Parable of the Water Tank

The original book cover

 

In 1897, Edward Bellamy published The Parable of the Water Tank, one of the most prophetic short stories of its time. This satirical assault on the perceived evils of capitalism exposes the devastating impact of corporate greed and attacks the dominant corporate miserliness which enslaves and immobilizes a people. Bellamy’s visionary onslaught came before the Great Depression, before the monopolization of industries, and before any real understanding of corporate power. Today, as globalization widens the chasm between excess and poverty, Bellamy’s stirring words ring through as a timeless and universal message to the world.

By Edward Bellamy
(Originally published in the book Equality in 1897)

There was once a very dry land, called Root, where the lives of all the people were daily focused on their need to collect water. In Root, there were no lakes or rivers, but there were widely scattered oases, where stands of palm trees grew, surrounded by grass and flowers. In some of these oases there were springs where cool, fresh water would flow onto the surface, and collect into shallow ponds. Each day, the people of Root would walk to the nearest spring, often miles away, to collect the water that they would need for the day’s drink, and cooking, and washing. Some days, the flow of water in the springs was low, and the people who came to collect water were many, so that some who walked to the spring had to return home with only a few sips for their spouses and children and their elderly parents.

Once, a man of Root went to an oasis to collect his daily water, but he found that day that no water poured forth from the spring. In desperate need, he considered that, since water usually flowed at this place, that it must come from a source under the ground. With this thought in mind, he took a shovel, and began to dig. After hours passed in his labors, he eventually reached an underground river, which had been the source of the spring. He lowered his bucket into the river that he had discovered, and drank deeply.

Many other people had come that day to the oasis, and most had returned home empty-handed. Some were still present when the digger reached water, and they ran over in delight, and attempted to fill their buckets. The man who had dug the well was angered, and beat them off with his shovel. “I have water because I alone dug this well!” he shouted. “Do you think that you can just come over and take what I have produced?”

One in the crowd called back: “We are poor and have little, but we must have water, or we will die. I have two pennies only, but I will give these to you for one bucket of water.” The man who had dug the well agreed, and offered the same exchange to all others. Those who had two pennies paid, and filled their buckets. Those who had no pennies returned home with their buckets empty.

The man who had dug the well realized that owning it set him apart from all the other people of Root. To maintain his distinction, he built walls around the well to keep all others out, so that they could get water from it only if they paid him the two pennies. And this man became rich from the pennies he collected, and he became known as the capitalist.

Other men of Root soon heard what had happened at this oasis, and were inspired by the good fortune of the capitalist. They set out to each of the other oases, where the people of Root who had no pennies went for water. They each dug wells, and diverted the underground rivers so that water no longer flowed into the public springs. They built fences around their wells, so that none could take water without their permission, and they gave water only to those who would pay them. And they all became known as capitalists.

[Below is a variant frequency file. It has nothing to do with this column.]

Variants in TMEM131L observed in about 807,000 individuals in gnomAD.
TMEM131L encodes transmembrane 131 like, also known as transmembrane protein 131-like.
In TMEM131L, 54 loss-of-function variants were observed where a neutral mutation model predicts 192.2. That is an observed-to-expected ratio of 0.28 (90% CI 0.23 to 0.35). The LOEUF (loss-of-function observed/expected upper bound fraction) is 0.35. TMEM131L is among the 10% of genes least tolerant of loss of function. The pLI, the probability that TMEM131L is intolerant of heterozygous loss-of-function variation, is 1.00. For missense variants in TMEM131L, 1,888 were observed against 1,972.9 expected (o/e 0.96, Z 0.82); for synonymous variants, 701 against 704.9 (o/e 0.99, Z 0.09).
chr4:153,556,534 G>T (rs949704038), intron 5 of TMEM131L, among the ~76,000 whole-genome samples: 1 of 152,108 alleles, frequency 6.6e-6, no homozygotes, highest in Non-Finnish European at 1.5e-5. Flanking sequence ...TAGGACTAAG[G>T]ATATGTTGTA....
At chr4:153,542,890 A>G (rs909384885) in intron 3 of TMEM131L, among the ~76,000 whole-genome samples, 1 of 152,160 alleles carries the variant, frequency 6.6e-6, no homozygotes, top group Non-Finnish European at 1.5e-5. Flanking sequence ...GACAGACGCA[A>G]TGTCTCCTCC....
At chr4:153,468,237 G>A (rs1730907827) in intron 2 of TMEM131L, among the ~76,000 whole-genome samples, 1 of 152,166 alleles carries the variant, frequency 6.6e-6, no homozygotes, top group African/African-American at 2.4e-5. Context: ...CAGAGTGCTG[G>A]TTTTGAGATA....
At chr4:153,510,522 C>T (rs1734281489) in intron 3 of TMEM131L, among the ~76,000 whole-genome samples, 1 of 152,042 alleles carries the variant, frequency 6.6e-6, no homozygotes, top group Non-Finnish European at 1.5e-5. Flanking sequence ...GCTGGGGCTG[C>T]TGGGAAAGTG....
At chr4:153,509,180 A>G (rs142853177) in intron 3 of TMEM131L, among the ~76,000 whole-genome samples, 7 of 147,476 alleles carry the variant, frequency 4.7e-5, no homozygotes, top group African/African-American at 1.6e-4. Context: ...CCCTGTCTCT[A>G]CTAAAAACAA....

But the people of Root were thirsty and poor, and soon few had pennies, and they begged the capitalists to give them water. But the capitalists said: “We cannot do that, because then we would become as poor as you are, and we would perish with you. But if you will be our servants, we will provide you with water.”

And so it happened that the people of Root became the servants of the capitalists. The capitalists ordered their servants into teams with supervisors and managers. Some they put at the wells to dip, and others they made to build water wheels, and some to search for new springs. Some of the people were hired to build a tank in the center of town to hold the water, and this tank was called the Market. And the capitalists said to the people:

“For every bucket of water that you take from our wells and bring to us, and pour into the Market, we will pay you a penny. You may then buy water from the tank, for you and your families to drink and cook and wash, for two pennies a bucket. The difference shall be our profit. If it were not for this profit we would not do this for you, and you would all perish.”

The people of Root were happy that the capitalists had solved the perennial shortage of water, and glad for the work by which they earned the money to buy it. They diligently brought water to the tank every day, and for every bucket they brought, the capitalists paid them a penny. But for every bucket of water that the capitalists drew from the market to give to the people, the people gave the capitalists two pennies.

After many days, the Market overflowed, as for every bucket they poured in, they received only enough to buy half a bucket. Because of the excess that was left to every bucket, the Market overflowed. The people were many and the capitalists were few, and could drink no more than the others.

And when the capitalists saw the Market overflow, they told the people to bring no more water until the Market was empty. But when the people could no longer earn pennies from the capitalists for the buckets of water they brought, they could not buy water from the Market. And when the capitalists saw that they had no more profit, because no man bought water from them, they were troubled. They decided that they had to advertise, and sent forth men to cry: “If any thirst, let him come to the Market and buy water from us.”

But the people answered: “How can we buy unless you hire us, so that we may earn money? Hire us, as before, and we will buy water, because we are thirsty, and you will have no need to advertise.”

The capitalists replied: “Shall we hire you to bring water, when the Market is already overflowing? First you have to buy the water, and when the tank is empty, then we will hire you again.”